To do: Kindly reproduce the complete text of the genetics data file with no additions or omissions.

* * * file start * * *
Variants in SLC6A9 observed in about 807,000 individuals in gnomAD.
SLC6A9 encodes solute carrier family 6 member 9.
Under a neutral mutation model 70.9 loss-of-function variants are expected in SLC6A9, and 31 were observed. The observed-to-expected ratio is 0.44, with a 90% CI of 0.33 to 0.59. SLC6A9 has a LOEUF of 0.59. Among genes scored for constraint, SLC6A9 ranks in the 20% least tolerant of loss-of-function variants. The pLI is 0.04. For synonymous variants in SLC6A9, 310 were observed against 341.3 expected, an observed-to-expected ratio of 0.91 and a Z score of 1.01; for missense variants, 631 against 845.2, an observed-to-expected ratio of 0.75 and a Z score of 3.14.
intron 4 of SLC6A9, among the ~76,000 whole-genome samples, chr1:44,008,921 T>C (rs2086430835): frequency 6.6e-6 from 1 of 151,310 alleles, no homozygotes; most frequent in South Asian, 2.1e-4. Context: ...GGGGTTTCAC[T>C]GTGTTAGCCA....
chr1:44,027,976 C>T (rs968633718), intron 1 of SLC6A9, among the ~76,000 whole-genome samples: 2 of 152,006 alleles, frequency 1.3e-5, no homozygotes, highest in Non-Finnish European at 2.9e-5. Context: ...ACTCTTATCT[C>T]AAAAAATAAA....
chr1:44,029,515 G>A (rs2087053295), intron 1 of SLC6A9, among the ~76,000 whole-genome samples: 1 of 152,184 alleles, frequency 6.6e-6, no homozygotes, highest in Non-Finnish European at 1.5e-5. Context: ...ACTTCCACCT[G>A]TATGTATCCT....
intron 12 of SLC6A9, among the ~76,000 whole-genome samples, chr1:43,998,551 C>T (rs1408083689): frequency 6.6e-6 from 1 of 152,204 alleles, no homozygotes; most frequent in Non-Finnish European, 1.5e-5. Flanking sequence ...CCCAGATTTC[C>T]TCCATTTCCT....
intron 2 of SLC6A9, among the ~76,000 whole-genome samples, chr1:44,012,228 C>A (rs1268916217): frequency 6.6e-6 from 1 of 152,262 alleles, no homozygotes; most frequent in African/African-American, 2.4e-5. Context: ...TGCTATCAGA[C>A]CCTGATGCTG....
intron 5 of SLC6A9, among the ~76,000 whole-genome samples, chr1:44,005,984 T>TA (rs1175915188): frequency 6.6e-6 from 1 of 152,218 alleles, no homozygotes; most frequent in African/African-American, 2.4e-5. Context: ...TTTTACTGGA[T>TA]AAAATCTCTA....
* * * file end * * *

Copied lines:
Variants in SLC6A9 observed in about 807,000 individuals in gnomAD.
SLC6A9 encodes solute carrier family 6 member 9.
Under a neutral mutation model 70.9 loss-of-function variants are expected in SLC6A9, and 31 were observed. The observed-to-expected ratio is 0.44, with a 90% CI of 0.33 to 0.59. SLC6A9 has a LOEUF of 0.59. Among genes scored for constraint, SLC6A9 ranks in the 20% least tolerant of loss-of-function variants. The pLI is 0.04. For synonymous variants in SLC6A9, 310 were observed against 341.3 expected, an observed-to-expected ratio of 0.91 and a Z score of 1.01; for missense variants, 631 against 845.2, an observed-to-expected ratio of 0.75 and a Z score of 3.14.
intron 4 of SLC6A9, among the ~76,000 whole-genome samples, chr1:44,008,921 T>C (rs2086430835): frequency 6.6e-6 from 1 of 151,310 alleles, no homozygotes; most frequent in South Asian, 2.1e-4. Context: ...GGGGTTTCAC[T>C]GTGTTAGCCA....
chr1:44,027,976 C>T (rs968633718), intron 1 of SLC6A9, among the ~76,000 whole-genome samples: 2 of 152,006 alleles, frequency 1.3e-5, no homozygotes, highest in Non-Finnish European at 2.9e-5. Context: ...ACTCTTATCT[C>T]AAAAAATAAA....
chr1:44,029,515 G>A (rs2087053295), intron 1 of SLC6A9, among the ~76,000 whole-genome samples: 1 of 152,184 alleles, frequency 6.6e-6, no homozygotes, highest in Non-Finnish European at 1.5e-5. Context: ...ACTTCCACCT[G>A]TATGTATCCT....
intron 12 of SLC6A9, among the ~76,000 whole-genome samples, chr1:43,998,551 C>T (rs1408083689): frequency 6.6e-6 from 1 of 152,204 alleles, no homozygotes; most frequent in Non-Finnish European, 1.5e-5. Flanking sequence ...CCCAGATTTC[C>T]TCCATTTCCT....
intron 2 of SLC6A9, among the ~76,000 whole-genome samples, chr1:44,012,228 C>A (rs1268916217): frequency 6.6e-6 from 1 of 152,262 alleles, no homozygotes; most frequent in African/African-American, 2.4e-5. Context: ...TGCTATCAGA[C>A]CCTGATGCTG....
intron 5 of SLC6A9, among the ~76,000 whole-genome samples, chr1:44,005,984 T>TA (rs1175915188): frequency 6.6e-6 from 1 of 152,218 alleles, no homozygotes; most frequent in African/African-American, 2.4e-5. Context: ...TTTTACTGGA[T>TA]AAAATCTCTA....